Cadets from Maryland’s Freestate and DC’s Capital Guardian Youth ChalleNGe Academies prepared to serve as Youth Mentors during a week of immersion training in YouthQuest’s 3D ThinkLink Creativity Lab this month.
“As far as I’m concerned, this was the most successful immersion experience we’ve done,” said YouthQuest Director of Instruction Tom Meeks. “We were totally focused this time on how to use their skills to be mentors to young people in their families and neighborhoods, and how to work in the community to demonstrate what 3D design and printing is.”
The 3D ThinkLink Initiative uses instruction in 3D design and printing as a vehicle for teaching at-risk youth about critical thinking, problem solving, creativity and confidence. The Youth ChalleNGe Program, run by the National Guard, gives dropouts a second chance to get their lives back on track and earn a high school degree.
For teens who have struggled in school, the experience of learning something cool like 3D printing and teaching it to others does wonders for their self-esteem.
“Now I can do things to help people who were in my shoes,” said Freestate Cadet David Kelly, 16, from Baltimore.
During daylong sessions in the lab, our advanced students became thoroughly familiar with the setup, operation and troubleshooting of the M3D Micro 3D printers they’ll be using as mentors. They also worked with new types of materials they hadn’t used in their on-campus classes, such flexible and color-changing filaments.
For the first time, the students made designs to be built in the lab’s full-color powder bed printer, so they could experience a professional level of 3D printing.
Staying motivated all week was no problem for these students. After a full day in the lab, they would take their laptop computers back to their hotel rooms and work on designs until 9:00 or 10:00 at night, then come back the next morning eager to print their creations.
‘It’s Like Therapy’
All four cadets said being involved in our program benefited them in ways that go far beyond gaining technical skills. They described 3D ThinkLink class as a respite from the regimented life at their ChalleNGe academies, where they spent 5 ½ months away from home.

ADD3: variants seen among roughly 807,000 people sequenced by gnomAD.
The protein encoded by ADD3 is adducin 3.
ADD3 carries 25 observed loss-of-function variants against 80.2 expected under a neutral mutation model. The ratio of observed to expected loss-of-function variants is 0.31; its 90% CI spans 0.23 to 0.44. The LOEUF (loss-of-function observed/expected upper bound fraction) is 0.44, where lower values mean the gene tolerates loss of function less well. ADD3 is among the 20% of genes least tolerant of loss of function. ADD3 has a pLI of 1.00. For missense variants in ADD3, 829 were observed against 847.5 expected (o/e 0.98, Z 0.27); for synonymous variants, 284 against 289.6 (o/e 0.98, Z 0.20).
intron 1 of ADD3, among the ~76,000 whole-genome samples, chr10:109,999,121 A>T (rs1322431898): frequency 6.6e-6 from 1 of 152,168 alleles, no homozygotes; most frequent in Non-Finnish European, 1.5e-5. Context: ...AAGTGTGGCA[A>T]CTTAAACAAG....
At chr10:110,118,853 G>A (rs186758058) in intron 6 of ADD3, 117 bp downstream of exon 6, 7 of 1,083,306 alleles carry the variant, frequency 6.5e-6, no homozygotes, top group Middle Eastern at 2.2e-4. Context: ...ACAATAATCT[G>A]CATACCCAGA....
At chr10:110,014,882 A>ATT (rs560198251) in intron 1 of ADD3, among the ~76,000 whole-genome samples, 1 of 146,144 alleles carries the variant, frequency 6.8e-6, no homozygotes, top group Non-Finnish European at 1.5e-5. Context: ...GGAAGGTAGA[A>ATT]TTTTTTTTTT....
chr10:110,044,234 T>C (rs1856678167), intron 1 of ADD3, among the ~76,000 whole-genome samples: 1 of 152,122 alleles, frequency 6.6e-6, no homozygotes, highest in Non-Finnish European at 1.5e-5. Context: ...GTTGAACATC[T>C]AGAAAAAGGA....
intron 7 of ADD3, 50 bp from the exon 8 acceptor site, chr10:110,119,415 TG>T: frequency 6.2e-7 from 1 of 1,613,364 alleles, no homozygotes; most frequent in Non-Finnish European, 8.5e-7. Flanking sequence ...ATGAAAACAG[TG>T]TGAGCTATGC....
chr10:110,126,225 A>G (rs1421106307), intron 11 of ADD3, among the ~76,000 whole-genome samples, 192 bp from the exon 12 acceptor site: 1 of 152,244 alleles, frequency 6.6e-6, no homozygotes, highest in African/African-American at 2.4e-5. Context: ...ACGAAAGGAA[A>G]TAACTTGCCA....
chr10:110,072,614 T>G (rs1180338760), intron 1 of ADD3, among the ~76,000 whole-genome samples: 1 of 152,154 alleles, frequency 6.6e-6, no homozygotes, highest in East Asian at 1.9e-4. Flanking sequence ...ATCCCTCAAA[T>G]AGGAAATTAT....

David explained that he would get frustrated in other classes sometimes, but having the opportunity to use his imagination and design whatever he liked in 3D class every week always made him feel better.
“Making stuff calmed me down,” he said. “Whenever I make new things, I generally get happy. It lightens my mood.”
The same was true for Capital Guardian Cadet LaMarcus Corley.
“It has helped me control my anger,” the 17 year old from Washington, DC, wrote in a scholarship-winning essay about his 3D ThinkLink experience. “When I come to class, my whole mood changes. I become happy because I know that I’m in a good place.”
LaMarcus also said our class brought out the creativity he used to keep “all bottled in” and taught him how to “think about stuff differently.”
“It helped me with focusing more — paying attention to detail, getting everything right,” said Freestate Cadet Stephen Brown, 16, from Upper Marlboro, Maryland. “It taught me to never give up and to focus on your goal.”
It also helped keep them out of trouble. All the cadets said they appreciated being chosen for the 3D ThinkLink program and enjoyed it so much that they wouldn’t risk being kicked out for misbehaving.
Before he enrolled at Capital Guardian, Cadet Adrian Vasquez said, he had problems in school.
“I would get good grades, but my mind would always be on something else. So I got caught up with stuff I wasn’t supposed to be around,” the 16-year-old from DC said. “But ever since I started 3D, my mind has been nowhere near that stuff.”
“It’s like therapy, a type of therapy. Working on 3D designs keeps me focused, not on the other nonsense stuff,” Adrian explained.
“And my mom is cheering me on,” he added. “She’s seen all the posts about us on Facebook and she’s never been so happy. She knows the rough times I had.”
Thinking Differently About the Future
The 3D ThinkLink experience opened these at-risk teens’ eyes to new opportunities and changed their view of what’s possible for them.
“I’ve never really been so confident about the things I’m doing,” said Adrian, who plans to become a master automotive technician.
Stephen is aiming for a career as a fashion designer and entrepreneur. With 3D printing playing an ever-increasing role in the fashion industry, he realizes the value of the hands-on experience he gained in our classes.
“It really helped me think outside the box and I can use that to my advantage in the future,” he said. “As I pursue my career, the 3D printer will really help me print out prototypes of designs.”
Learning 3D printing gave LaMarcus a new perspective about his options after graduating from Capital Guardian and he’s looking forward to being a Youth Mentor.
“I know it changed me, so I want to make a change in people’s lives,” he said.
So does Adrian, who was reminded of the importance of giving back when he discovered how 3D-printed prosthetic devices help people who’ve lost limbs.
“I had a mindset thinking that this was just for me or for my family,” he explained. “It’s not always for yourself. You can always improve someone else’s life.”
The work these students do as Youth Mentors will support YouthQuest’s goal of reducing America’s dropout rate.
David hopes the children he reaches will share his excitement about 3D printing and decide to learn more about it.
“This isn’t easy stuff. There’s a bunch of math in it, so you really have to stay in school to understand this,” he said.
David added that he’s eager to inspire younger kids “because they’re going to be the future for us.”
“I understand I’m the future now, but they’re going to be the future for me.”